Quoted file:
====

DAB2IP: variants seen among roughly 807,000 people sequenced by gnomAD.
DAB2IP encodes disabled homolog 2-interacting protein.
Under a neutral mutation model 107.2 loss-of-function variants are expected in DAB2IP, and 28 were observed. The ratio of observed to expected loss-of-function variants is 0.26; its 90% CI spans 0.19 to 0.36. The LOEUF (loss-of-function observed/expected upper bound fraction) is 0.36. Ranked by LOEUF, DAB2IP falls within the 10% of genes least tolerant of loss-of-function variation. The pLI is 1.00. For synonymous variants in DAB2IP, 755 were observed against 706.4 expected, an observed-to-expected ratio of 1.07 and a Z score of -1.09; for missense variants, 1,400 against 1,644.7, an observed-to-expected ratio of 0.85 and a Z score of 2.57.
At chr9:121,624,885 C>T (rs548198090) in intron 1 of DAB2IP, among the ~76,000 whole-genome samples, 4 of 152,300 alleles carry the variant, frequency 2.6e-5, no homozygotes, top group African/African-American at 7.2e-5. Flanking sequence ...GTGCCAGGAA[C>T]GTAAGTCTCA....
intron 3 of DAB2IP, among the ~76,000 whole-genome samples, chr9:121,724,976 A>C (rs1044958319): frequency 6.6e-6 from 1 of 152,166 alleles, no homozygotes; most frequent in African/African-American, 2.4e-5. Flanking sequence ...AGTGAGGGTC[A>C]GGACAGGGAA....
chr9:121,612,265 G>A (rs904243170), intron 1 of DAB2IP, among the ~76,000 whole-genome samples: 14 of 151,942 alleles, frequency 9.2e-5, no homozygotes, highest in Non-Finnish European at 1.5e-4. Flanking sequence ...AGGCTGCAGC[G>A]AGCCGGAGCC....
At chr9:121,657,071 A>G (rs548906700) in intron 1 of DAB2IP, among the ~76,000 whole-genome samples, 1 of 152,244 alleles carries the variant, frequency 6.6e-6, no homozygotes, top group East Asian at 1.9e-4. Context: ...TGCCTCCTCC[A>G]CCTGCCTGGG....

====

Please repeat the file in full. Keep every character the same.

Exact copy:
DAB2IP: variants seen among roughly 807,000 people sequenced by gnomAD.
DAB2IP encodes disabled homolog 2-interacting protein.
Under a neutral mutation model 107.2 loss-of-function variants are expected in DAB2IP, and 28 were observed. The ratio of observed to expected loss-of-function variants is 0.26; its 90% CI spans 0.19 to 0.36. The LOEUF (loss-of-function observed/expected upper bound fraction) is 0.36. Ranked by LOEUF, DAB2IP falls within the 10% of genes least tolerant of loss-of-function variation. The pLI is 1.00. For synonymous variants in DAB2IP, 755 were observed against 706.4 expected, an observed-to-expected ratio of 1.07 and a Z score of -1.09; for missense variants, 1,400 against 1,644.7, an observed-to-expected ratio of 0.85 and a Z score of 2.57.
At chr9:121,624,885 C>T (rs548198090) in intron 1 of DAB2IP, among the ~76,000 whole-genome samples, 4 of 152,300 alleles carry the variant, frequency 2.6e-5, no homozygotes, top group African/African-American at 7.2e-5. Flanking sequence ...GTGCCAGGAA[C>T]GTAAGTCTCA....
intron 3 of DAB2IP, among the ~76,000 whole-genome samples, chr9:121,724,976 A>C (rs1044958319): frequency 6.6e-6 from 1 of 152,166 alleles, no homozygotes; most frequent in African/African-American, 2.4e-5. Flanking sequence ...AGTGAGGGTC[A>C]GGACAGGGAA....
chr9:121,612,265 G>A (rs904243170), intron 1 of DAB2IP, among the ~76,000 whole-genome samples: 14 of 151,942 alleles, frequency 9.2e-5, no homozygotes, highest in Non-Finnish European at 1.5e-4. Flanking sequence ...AGGCTGCAGC[G>A]AGCCGGAGCC....
At chr9:121,657,071 A>G (rs548906700) in intron 1 of DAB2IP, among the ~76,000 whole-genome samples, 1 of 152,244 alleles carries the variant, frequency 6.6e-6, no homozygotes, top group East Asian at 1.9e-4. Context: ...TGCCTCCTCC[A>G]CCTGCCTGGG....